So, I'm trying to come up with a list of topics for a short presentation on CPs (15-30 minutes I'm guessing) aimed mostly at those with a high-school level science background or higher. Some of the things I want to talk about are the prehensile movement of Nepenthes tendrils, the mechanism of VFT leaves, contrast of hunting strategies in Drosera and Drosophyllum, and symbiosis of pitcher plants with local fauna (ants and N. bicalcurata, birds and N. lowii, frogs and Heliamphora, spiders and Sarracenia.) I'll also probably go over the standard talking points of cultivation, range, and trapping mechanisms.
For the past month or so I've been poking around the labs at my college, looking for biology and botany professors interested in CPs. I was hoping to start a college club or something after hearing lots of interest from my classmates and friends visiting my home. One of the professors I spoke with actually invited me to come in and speak to her class early this fall. The class is called Introduction to Natural Sciences; it's a 48 credit, year-long program encompassing elementary physics, biology and chemistry. It's designed to be the primer course for students in scientific inquiry (besides weird math people like me) and is basically the must-have class for biology and chemistry studies at my school (both big programs.) It has a reputation as the most difficult and rigorous course that's commonly offered to first-year students. I'm a little intimidated, to be honest, but I feel it would be stupid to turn down such a generous invitation.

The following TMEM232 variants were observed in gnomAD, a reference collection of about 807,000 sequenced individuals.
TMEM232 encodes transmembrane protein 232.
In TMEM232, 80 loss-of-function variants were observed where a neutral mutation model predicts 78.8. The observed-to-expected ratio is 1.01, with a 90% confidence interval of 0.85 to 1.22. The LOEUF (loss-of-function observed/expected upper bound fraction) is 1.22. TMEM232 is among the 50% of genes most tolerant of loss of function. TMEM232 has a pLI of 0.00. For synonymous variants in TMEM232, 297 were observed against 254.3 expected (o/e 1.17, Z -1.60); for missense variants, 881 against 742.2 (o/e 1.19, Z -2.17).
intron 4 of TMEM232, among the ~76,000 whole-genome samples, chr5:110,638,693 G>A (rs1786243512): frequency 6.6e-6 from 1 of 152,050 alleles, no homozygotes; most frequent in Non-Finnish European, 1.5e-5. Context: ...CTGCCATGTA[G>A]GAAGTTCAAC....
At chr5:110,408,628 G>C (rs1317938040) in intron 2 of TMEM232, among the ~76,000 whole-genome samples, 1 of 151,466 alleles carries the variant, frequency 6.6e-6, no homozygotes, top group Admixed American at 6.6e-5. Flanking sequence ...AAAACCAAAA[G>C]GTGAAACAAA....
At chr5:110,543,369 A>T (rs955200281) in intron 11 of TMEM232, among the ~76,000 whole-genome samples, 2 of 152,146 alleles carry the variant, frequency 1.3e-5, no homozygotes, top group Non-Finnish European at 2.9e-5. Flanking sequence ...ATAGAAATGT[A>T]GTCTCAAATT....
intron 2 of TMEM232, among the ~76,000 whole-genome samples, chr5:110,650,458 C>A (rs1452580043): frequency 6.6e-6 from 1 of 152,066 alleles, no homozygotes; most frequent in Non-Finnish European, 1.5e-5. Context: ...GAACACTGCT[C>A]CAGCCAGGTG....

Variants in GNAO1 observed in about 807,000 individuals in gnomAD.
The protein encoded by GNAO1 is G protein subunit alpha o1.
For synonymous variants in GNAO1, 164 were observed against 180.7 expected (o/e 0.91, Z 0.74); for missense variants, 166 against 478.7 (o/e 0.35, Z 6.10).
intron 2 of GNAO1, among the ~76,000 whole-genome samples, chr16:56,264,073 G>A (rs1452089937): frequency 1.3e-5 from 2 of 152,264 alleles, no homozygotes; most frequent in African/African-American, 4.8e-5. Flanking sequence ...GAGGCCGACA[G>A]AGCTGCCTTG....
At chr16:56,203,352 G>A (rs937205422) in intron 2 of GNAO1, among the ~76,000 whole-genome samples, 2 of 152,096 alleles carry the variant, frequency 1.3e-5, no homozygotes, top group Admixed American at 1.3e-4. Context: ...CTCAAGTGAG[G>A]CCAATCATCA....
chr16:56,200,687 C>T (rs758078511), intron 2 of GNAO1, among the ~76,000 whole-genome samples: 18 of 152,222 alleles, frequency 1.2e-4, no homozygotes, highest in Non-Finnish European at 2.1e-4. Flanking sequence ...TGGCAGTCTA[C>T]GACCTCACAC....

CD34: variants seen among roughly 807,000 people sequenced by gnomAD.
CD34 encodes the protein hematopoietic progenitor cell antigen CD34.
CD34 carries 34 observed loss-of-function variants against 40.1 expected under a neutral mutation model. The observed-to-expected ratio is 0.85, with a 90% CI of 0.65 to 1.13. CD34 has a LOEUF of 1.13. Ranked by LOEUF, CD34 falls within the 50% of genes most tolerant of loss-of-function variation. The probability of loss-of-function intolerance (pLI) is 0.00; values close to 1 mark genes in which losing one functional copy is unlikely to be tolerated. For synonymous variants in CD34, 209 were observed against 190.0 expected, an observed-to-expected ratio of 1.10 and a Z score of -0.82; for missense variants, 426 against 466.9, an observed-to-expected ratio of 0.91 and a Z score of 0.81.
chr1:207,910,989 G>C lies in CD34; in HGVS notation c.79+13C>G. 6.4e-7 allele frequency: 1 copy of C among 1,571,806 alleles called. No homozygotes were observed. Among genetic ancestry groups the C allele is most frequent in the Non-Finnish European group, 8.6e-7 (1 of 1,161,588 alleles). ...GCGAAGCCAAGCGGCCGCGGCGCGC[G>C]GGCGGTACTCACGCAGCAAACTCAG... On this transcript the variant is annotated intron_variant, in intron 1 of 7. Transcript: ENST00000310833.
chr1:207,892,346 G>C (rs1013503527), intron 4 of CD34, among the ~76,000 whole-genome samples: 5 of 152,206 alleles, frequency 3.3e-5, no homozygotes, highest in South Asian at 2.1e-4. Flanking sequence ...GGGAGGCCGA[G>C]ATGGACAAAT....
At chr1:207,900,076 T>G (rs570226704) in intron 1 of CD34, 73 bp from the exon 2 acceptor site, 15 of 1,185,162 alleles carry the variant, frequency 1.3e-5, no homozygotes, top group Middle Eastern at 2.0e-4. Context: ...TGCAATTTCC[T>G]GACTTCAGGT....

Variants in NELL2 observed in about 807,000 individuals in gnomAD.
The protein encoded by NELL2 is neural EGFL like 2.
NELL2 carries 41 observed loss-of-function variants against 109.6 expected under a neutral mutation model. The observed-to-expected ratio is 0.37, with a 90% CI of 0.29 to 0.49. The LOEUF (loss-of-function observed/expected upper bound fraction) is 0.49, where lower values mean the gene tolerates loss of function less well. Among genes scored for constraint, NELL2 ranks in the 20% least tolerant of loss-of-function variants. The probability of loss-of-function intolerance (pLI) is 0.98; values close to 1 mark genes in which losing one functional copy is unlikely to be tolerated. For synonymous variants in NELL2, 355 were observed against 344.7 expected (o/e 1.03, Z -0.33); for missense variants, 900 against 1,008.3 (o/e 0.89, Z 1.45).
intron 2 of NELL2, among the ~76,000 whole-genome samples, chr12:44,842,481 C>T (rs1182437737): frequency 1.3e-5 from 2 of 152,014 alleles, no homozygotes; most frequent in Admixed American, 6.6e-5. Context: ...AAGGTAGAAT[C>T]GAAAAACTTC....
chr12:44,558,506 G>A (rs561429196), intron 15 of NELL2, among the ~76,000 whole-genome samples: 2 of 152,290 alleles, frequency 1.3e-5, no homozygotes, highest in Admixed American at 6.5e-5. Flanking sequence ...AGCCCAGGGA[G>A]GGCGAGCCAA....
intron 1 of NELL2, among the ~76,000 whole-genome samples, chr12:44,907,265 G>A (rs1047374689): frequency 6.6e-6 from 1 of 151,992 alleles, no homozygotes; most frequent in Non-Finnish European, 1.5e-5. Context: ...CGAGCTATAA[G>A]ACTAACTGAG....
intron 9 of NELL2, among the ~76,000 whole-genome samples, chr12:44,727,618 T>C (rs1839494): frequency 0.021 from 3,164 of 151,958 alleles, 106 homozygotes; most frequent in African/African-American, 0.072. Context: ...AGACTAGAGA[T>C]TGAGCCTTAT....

Does anyone have any other ideas about bio-science-y topics to throw in? I think it might be interesting to discuss some of the mimicry that goes on with CPs, like the scents of pitcher plants or the inviting appearance of certain Drosera and other plants, but I'm not sure I have enough details to satisfy scientist types on those phenomena. Any recommended reading?